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From Chuck Williams <ch...@manawiz.com>
Subject Re: ParallelMultiSearcher reimplementation
Date Tue, 14 Nov 2006 02:26:05 GMT


Doug Cutting wrote on 11/13/2006 10:50 AM:
> Chuck Williams wrote:
>> I followed this same logic in ParallelWriter and got burned.  My first
>> implementation (still the version submitted as a patch in jira) used
>> dynamic threads to add the subdocuments to the parallel subindexes
>> simultaneously.  This hit a problem with abnormal native heap OOM's in
>> the jvm.  At first I thought it was simply a thread stack size / java
>> heap size configuration issue, but adjusting these did not resolve the
>> issue.  This was on linux.  ps -L showed large numbers of defunct
>> threads.  jconsole showed enormous growing total-ever-allocated thread
>> counts.  I switched to a thread pool and the issue went away with the
>> same config settings.
>
> Can you demonstrate the problem with a standalone program?
>
> Way back in the 90's I implemented a system at Excite that spawned one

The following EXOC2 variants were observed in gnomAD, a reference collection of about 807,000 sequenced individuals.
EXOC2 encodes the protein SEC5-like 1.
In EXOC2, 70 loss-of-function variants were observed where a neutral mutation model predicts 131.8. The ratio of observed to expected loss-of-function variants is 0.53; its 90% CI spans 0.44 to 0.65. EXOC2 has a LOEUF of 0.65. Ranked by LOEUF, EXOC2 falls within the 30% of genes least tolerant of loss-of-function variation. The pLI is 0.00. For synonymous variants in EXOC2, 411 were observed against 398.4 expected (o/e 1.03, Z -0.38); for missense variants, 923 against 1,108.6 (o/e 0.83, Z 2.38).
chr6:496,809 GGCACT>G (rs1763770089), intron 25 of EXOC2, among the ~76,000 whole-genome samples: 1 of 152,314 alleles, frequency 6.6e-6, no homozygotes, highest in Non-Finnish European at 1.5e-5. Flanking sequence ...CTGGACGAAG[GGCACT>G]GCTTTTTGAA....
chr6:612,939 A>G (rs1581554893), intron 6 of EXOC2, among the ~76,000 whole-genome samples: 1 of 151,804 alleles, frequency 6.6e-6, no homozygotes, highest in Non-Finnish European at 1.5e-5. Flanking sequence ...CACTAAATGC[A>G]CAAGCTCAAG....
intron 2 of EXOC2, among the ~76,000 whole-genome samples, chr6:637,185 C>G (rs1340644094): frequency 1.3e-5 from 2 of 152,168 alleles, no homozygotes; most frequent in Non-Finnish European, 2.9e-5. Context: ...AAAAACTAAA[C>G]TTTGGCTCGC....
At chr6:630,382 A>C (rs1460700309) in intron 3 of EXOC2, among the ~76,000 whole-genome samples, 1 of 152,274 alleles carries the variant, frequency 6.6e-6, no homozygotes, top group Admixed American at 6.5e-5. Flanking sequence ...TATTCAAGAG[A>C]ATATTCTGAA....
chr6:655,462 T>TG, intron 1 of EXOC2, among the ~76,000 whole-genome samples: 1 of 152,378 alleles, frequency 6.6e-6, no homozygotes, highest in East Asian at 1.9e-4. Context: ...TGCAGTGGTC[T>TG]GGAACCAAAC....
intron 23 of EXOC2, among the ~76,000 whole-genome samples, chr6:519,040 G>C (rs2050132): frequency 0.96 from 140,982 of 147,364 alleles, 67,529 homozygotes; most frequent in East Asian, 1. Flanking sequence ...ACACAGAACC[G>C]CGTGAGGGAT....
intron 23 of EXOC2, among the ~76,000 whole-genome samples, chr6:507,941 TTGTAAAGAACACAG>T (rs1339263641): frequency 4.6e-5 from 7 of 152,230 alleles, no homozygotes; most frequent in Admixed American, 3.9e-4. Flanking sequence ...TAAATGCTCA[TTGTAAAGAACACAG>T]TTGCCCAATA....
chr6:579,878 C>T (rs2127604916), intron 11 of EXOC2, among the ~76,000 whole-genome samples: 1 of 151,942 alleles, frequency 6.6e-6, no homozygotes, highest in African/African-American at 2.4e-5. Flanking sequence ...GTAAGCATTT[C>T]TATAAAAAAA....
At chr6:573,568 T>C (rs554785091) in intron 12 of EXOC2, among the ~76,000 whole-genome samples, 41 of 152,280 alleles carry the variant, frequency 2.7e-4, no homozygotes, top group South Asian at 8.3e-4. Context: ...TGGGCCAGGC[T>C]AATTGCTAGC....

> or more Java threads per request, and it ran for days on end, handling
> 20 or more requests per second.  The thread spawning overhead was
> insignificant.  That was JDK 1.2 on Solaris.  Have things gotten that
> much worse in the interim?  Today Hadoop's RPC allocates a thread per
> connection, and we see good performance.  So I certainly have
> counterexamples.

Are you pushing memory to the limit?  In my case, we need a maximally
sized Java heap (about 2.5G on linux) and so carefully minimize the
thread stack and perm space sizes.  My suspicion is that it takes a
while after a thread is defunct before all resources are reclaimed.  We
are hitting our server with 50 simultaneous threads doing indexing, each
of which writes 6 parallel subindexes in a separate thread.  This yields
hundreds of threads created per second in tight total thread stack
space; the process continually bumped over the native heap limit.  With
the change to thread pools, and therefore no dynamic creation and
destruction of thread stacks, all works fine.

Unless you are running with a maximal Java heap, you are unlikely to
have the issue as there is plenty of space left over for the native
heap, so a delay in thread stack reclamation would yield a larger
average process size, but would not cause OOM's.

Chuck



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